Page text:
Presently, Farmec numbers are solid riding on generator sales and repairs. Previously, TPH was not performing to its full potential as the major shareholder then, FinTrust, was viewed as passive by the market.
Zimplow restructured its operations into four clusters, namely mining, agriculture, property and motoring. The latter will house CT Bolts, Barzem and Northmec while the agricultural division will comprise the Mealie Brand, Farmec and Afritrac.
Manica Properties makes up the properties unit and likewise Puzey and Payne makes up the motoring unit. What is important however is to ensure that the growth in top line is also felt at the bottom line level. This therefore entails streamlining operations to ensure there is no duplication of roles and processes among operating units.
Zimplow’s focus is on agriculture and mining, hence Puzey and Payne should be disposed of as it is now a misfit. Market preferences over the years have shifted from sedans to double cab trucks which their mainstream brand Peugeot does not offer. The company is again struggling to match competition from firms like Croco Motors.
Furthermore, vehicle finance remains tight in the economy and this has seen individuals opting for grey imports to brand new vehicles. Resultantly, vehicle sales and parts over the period were down 20% and 23% respectively. Workshop labour hours also declined by 8%. There is again a need to sell off the property portfolio which the company is sitting on to pay off the short-term expensive debt.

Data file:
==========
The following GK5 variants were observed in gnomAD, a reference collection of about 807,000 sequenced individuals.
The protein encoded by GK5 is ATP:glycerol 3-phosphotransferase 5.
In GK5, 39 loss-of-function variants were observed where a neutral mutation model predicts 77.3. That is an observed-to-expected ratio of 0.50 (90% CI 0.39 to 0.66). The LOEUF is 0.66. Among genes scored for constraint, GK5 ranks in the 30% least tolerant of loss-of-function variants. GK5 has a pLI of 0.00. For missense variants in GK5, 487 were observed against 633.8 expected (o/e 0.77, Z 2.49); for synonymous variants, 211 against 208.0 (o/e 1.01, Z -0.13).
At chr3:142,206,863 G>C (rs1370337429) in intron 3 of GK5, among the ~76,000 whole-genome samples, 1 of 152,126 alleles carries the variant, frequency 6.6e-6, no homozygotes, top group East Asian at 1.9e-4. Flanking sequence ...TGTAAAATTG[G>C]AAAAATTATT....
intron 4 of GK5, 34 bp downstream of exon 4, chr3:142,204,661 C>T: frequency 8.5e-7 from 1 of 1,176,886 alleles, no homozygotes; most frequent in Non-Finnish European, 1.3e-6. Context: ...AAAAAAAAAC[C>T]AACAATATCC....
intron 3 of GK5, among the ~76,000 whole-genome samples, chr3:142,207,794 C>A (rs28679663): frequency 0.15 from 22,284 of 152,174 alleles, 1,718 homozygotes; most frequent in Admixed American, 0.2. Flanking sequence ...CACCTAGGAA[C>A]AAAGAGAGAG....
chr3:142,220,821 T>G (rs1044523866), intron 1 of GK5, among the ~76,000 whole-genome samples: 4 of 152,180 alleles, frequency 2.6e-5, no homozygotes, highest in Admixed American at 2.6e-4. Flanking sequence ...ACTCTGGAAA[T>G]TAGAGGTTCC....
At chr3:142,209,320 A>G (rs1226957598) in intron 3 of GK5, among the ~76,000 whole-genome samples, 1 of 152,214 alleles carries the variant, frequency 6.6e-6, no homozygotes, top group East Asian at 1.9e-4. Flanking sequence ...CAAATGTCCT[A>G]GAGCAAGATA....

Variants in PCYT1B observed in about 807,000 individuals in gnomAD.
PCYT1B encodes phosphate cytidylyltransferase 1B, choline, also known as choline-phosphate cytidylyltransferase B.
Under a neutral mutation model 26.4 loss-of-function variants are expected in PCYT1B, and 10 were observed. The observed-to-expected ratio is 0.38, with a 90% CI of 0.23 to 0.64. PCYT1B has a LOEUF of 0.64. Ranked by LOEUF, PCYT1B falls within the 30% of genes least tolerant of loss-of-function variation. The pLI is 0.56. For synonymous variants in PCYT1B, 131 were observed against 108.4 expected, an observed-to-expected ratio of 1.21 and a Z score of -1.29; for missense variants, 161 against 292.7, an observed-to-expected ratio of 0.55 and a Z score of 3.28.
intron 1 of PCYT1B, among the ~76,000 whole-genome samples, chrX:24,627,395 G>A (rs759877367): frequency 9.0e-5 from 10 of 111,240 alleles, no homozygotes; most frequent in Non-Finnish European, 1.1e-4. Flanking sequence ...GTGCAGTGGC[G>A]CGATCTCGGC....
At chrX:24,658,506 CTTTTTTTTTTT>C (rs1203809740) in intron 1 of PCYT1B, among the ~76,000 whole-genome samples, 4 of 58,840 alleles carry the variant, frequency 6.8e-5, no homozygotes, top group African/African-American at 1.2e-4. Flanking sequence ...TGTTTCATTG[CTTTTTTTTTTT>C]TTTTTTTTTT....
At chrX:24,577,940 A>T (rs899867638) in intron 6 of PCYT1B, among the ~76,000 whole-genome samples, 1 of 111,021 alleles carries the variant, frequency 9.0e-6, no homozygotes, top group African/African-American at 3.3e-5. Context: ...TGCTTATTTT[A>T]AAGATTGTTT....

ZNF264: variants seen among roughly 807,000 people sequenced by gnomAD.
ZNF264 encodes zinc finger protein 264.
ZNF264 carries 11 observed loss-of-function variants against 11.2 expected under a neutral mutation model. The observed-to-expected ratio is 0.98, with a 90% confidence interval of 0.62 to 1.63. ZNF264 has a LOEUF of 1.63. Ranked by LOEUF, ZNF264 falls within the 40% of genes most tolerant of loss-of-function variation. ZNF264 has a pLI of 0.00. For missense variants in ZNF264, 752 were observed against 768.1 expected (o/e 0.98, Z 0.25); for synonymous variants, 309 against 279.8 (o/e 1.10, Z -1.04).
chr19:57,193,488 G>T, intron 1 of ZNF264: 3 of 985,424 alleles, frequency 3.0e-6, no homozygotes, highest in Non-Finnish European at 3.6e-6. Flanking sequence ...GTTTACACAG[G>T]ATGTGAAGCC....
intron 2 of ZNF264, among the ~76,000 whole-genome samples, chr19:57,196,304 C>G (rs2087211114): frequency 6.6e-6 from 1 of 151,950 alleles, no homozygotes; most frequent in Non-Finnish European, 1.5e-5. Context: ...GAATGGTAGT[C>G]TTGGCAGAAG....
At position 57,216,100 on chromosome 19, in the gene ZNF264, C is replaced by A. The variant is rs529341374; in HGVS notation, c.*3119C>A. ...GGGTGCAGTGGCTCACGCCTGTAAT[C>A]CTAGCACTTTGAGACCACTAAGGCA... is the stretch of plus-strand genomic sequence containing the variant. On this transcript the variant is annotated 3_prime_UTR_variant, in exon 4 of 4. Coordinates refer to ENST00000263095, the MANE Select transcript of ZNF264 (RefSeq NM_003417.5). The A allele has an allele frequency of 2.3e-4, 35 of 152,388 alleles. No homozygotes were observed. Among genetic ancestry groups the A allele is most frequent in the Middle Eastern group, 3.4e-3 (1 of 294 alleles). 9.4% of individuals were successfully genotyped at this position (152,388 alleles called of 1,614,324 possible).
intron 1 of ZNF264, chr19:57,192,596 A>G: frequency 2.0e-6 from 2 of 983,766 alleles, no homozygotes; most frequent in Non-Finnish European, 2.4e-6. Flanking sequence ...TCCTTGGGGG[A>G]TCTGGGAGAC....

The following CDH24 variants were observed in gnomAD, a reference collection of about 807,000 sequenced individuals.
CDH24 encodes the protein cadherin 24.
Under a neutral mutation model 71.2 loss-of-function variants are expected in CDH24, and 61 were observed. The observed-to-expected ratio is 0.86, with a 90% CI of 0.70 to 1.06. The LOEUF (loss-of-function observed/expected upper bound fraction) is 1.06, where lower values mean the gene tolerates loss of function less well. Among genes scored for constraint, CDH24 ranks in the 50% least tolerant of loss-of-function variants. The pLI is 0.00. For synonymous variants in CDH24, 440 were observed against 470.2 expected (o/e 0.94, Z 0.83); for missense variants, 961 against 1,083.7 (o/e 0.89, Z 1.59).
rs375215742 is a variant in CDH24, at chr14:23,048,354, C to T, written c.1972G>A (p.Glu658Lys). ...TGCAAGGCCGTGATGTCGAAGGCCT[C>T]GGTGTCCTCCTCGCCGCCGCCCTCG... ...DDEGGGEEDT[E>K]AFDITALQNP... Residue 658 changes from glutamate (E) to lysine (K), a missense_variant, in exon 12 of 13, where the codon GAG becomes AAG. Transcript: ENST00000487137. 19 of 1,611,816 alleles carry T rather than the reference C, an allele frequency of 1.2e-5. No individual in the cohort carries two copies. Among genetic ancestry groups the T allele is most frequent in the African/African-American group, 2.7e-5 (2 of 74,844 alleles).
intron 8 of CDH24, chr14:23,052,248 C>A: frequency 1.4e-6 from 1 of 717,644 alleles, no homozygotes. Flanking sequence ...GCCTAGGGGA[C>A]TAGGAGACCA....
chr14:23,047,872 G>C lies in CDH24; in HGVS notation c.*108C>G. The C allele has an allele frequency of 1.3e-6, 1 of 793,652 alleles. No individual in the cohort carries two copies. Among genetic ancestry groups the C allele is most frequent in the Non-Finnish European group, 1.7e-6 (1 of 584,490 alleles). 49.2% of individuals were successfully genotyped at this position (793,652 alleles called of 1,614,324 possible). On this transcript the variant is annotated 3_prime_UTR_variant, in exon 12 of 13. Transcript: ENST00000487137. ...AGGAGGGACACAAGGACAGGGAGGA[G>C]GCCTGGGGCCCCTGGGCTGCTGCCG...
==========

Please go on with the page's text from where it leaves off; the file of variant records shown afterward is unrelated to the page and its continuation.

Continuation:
Management should go a step further to ensure the market buys into the new Zimplow strategy. The assets in the group have strong earnings potential. What is now needed is a clear-cut strategy on how operations within the various units will be integrated so that they operate at optimum levels for the benefit of shareholders.
In the short-term, performance will be dragged down by restructuring expenses. Moreover, the company has to bear the costs of buying out TPH minorities of approximately US$3,4 million. The restructuring costs are nonetheless once off and 75% of them were incurred in the past financial year. The new Zimplow has a compelling growth story as it stands to benefit as mining and agriculture are the two sectors anticipated to spearhead economic growth.
There is value for long-term investors in Zimplow as management indicated that revenues might reach US$100 million in 2015 from the current US$36 million.
Agriculture and mining sectors have both exhibited strong growth since dollarisation and still they remain far below the peaks achieved in the mid-1990s.
However, these sectors are greatly underfunded at the moment. Inflows of capital into the resource sector have slowed due to the ongoing implementation of Indigenisation and Economic Empowerment regulations.
On the agricultural front, there is a need to finalise issues of land tenure so that land can be used as an asset in securing finance from banking institutions.